Pop Culture

‘Taken’ is exciting and reactionary

If Paul Schrader had cast Charles Bronson instead of George C. Scott in the sordid ’70s drama “Hardcore,” about a man searching for his runaway daughter in the porn world, the result might have resembled “Taken,” which stars Liam Neeson as a former CIA tough guy who smashes a lot of Parisian skulls to rescue his daughter from a sex-slavery operation.

Neeson’s Bryan Mills has retired from the spy biz and settled in Los Angeles to be close to his daughter Kim (Maggie Grace, whose idea of playing a 17-year-old is to run goofily and generally gad about like an excited half-wit), whom he neglected during his years overseas “preventing problems.”

His ex Lenore (Famke Janssen) wants his permission to let Kim spend the summer in Paris, and she bitterly poo-poos his fatherly concerns, especially when he later learns that Kim’s real plans are to spend the summer following the U2 tour all over Europe. (Note to the filmmakers: Seventeen-year-old girls might follow bands around, but aging dad-rockers U2 probably wouldn’t be one of them.)

Within hours of arriving in the City of Lights, Kim and her ditzy friend are targeted by a bunch of Albanian goons who kidnap them. Kim happens to be on the phone with Bryan at the time, which provides him (and his CIA pals) enough information to start locating her. Time is of the essence, however, because after 96 hours, Kim will be so far into the sex-slave underground that they’ll never find her again.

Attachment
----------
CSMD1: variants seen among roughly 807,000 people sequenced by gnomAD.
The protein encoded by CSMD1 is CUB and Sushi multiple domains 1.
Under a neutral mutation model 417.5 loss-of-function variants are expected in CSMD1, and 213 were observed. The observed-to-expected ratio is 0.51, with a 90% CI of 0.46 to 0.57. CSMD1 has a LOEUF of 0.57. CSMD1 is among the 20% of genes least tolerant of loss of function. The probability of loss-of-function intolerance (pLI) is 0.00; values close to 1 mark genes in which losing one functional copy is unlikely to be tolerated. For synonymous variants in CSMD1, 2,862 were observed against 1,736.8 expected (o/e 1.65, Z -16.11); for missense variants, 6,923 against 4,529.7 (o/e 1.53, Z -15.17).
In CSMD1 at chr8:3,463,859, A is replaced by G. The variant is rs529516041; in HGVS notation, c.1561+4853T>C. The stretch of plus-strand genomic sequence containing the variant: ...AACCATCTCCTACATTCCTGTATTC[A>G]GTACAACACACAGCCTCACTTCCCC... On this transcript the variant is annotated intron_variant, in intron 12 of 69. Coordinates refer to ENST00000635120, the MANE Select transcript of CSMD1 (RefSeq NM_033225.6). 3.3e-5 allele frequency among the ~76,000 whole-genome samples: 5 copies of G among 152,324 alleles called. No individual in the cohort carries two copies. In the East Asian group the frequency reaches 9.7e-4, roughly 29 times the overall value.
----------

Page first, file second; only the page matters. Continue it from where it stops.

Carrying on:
So it’s off to Europe for Bryan, and in no time, he’s punching, kicking and shooting his way through friend and foe alike, picking off corrupt cops, Eastern European pimps, oily girl-auctioneers and bloated Saudi oil sheiks with a taste for young virgins.

Luc Besson, the modern master of Eurotrash action, co-wrote the script with Robert Mark Kamen, and the action never lags. Director Pierre Morel (“District B-13”) keeps things moving, and he makes Neeson into a credible, driven action star.

The script also tosses in some “24”-lite torture sequences that will no doubt gladden the heart of any Bushies who miss the glory days of Gitmo. Add to that the film’s “save the white girl from the foreign infidels” plotline — a staple of American cinema going back to the bad old days of “Birth of a Nation” — and there’s a queasily reactionary feel to the movie that detracts from its more incitement-to-riot qualities.

Still, if you’re willing to hold your nose to the political subtext of “Taken,” it’s one rousing moment after another. And it’s the kind of film that men of a certain age and temperament will particularly love since the whole movie is all about Neeson not only being the Superfather protector (Lenore’s second husband is rich, but soft) but also about him being right about everything. “Shut up, ladies,” the movie tells us. “Papa knows best. And his gun never runs out of bullets.”